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Parenting: How To Set Limits For Young Children

As a parent, you need to set limits and instill appropriate behavior in young children. Sometimes, the best ways to accomplish this are not very obvious. Here are several suggestions to help you accomplish this more easily.

* Give specific instructions. “Be good” is not a specific instruction. “I’ll play with you after you brush your teeth” is a specific instruction. So is “Put your toys into this box.”

* Experts say it is far better to have a few rules that you consistently enforce than to have many rules that you enforce only once in a while. Therefore, avoid setting too many rules.

* Rules and limits you set for your child should be appropriate for her age. They can be for the health / safety of the child and adults, or for other reasons. Above all, clearly explain both the rule and the rationale for having it.

* Give the child the opportunity to freely express his feelings about the limits you set. Even if those feelings are negative ones. Respond by repeating their opinions in your own words -- “I know you feel left out when mommy has to spend so much time with the baby.”

* Shouting at or hitting a child is counterproductive and dangerous. Such behavior shows a lack of respect for the child and can lead to other problems.

* Get to eye level with the child and make eye contact when explaining rules.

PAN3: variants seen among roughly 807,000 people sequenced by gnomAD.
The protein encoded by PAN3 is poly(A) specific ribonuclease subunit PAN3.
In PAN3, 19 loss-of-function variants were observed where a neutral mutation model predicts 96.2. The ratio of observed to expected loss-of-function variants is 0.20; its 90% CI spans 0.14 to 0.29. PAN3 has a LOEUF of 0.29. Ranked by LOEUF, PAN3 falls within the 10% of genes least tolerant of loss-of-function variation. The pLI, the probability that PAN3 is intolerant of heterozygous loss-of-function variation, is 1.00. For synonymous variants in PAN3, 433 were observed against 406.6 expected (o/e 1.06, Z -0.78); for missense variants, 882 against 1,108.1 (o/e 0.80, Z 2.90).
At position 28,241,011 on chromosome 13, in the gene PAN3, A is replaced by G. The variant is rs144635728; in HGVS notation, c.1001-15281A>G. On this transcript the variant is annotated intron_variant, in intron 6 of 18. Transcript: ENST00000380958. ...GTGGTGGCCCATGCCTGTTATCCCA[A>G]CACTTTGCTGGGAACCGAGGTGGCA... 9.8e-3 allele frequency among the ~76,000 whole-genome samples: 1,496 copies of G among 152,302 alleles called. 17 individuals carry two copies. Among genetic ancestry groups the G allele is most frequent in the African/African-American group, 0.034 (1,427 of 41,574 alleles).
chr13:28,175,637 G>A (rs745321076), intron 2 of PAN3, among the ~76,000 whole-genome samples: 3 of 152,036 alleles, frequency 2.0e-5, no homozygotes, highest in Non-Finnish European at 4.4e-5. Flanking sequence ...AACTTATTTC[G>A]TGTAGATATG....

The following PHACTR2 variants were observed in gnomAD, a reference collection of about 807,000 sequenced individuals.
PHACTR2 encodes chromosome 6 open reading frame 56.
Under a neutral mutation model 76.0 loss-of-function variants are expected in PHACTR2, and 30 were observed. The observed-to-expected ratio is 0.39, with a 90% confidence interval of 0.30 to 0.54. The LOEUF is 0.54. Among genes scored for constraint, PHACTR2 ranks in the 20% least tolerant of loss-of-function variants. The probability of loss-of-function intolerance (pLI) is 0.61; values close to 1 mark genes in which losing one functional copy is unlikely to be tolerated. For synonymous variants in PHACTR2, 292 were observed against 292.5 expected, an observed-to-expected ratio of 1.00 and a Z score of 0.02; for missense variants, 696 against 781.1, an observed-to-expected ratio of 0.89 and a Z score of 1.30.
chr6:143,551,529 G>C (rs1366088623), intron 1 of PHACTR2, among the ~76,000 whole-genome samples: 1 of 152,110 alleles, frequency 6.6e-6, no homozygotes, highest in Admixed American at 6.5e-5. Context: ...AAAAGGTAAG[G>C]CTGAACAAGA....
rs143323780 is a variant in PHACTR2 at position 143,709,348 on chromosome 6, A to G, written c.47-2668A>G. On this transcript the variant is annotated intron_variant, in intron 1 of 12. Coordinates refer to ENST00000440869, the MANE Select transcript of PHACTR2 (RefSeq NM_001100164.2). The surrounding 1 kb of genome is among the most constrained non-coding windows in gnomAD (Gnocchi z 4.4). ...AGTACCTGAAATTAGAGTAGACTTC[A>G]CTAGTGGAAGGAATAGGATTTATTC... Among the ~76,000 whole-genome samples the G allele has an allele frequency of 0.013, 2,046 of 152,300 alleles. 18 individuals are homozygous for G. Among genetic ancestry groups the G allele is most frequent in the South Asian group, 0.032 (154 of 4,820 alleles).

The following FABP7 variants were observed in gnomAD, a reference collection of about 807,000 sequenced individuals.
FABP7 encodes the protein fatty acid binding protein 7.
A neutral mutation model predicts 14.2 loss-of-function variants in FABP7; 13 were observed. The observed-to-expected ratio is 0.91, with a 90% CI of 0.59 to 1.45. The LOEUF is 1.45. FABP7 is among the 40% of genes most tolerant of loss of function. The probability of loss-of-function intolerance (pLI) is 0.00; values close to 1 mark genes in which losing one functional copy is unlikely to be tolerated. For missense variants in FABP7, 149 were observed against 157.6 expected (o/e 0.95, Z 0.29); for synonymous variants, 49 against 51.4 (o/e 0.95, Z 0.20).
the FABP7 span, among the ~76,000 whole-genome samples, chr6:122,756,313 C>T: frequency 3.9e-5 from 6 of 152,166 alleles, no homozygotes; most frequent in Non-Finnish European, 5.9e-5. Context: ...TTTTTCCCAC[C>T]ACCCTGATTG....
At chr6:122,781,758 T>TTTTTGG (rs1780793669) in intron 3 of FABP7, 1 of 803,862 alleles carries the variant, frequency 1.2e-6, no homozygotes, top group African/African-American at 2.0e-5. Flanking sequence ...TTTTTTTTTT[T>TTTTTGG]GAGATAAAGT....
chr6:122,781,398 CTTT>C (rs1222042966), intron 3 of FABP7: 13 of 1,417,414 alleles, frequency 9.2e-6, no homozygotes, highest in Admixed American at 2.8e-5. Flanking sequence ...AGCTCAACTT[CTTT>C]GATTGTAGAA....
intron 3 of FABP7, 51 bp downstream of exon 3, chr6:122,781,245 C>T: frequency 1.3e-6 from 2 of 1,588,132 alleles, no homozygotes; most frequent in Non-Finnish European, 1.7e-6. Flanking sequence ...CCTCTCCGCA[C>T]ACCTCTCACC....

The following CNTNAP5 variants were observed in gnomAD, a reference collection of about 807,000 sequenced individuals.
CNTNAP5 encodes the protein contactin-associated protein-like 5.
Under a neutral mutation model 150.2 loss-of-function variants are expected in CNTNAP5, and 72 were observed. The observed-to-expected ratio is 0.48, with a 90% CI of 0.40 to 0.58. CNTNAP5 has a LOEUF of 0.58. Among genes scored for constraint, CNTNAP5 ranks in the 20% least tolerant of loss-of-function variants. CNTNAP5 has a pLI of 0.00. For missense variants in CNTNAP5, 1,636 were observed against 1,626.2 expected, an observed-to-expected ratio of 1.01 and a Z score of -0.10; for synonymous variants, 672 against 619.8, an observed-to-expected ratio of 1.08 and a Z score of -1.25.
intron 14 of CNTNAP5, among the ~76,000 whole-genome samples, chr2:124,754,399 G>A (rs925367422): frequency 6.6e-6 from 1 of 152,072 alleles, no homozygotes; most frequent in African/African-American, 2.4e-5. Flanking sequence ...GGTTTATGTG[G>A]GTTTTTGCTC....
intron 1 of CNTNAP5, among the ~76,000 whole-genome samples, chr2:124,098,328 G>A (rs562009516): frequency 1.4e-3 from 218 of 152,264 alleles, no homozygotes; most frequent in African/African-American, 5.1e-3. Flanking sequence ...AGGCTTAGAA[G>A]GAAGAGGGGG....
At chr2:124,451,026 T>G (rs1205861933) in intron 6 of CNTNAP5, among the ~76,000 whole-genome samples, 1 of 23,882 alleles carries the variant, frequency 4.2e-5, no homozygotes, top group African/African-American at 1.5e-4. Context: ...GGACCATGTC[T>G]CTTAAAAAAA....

* Be brief but clear on the rule or limit. Talking too much is not very useful. In particular, avoid labeling the child as dumb, slow, etc.

* Speak kindly and firmly to the child. Emotion-laded speech and body language is not useful either, when it comes to teaching self-discipline.

* Cut out your personal involvement in the situation. Don’t, for instance, accuse the child of having done something just to make you mad.

* When possible, give the child a choice between two alternatives that are acceptable to you. Being able to make a choice always gives a feeling of greater control to the child. He or she will then be far more willing to listen to you.

* Let a child know in advance what’s coming. For instance, if she hates taking a bath, let her know that in fifteen minutes, it will be bath-time. This will help reduce her frustration.

* Be sensitive to the child’s moods and feelings, When he is hungry or tired, he’s much less likely to cooperate with a new rule.

Follow these suggestions and you’ll make it easier for the child to accept sensible limits and live by them.

About the Author:

Peter Andrews is a successful author and has written extensively on parenting. Check out and for his articles covering parenting tips, baby care ideas and many other related areas.

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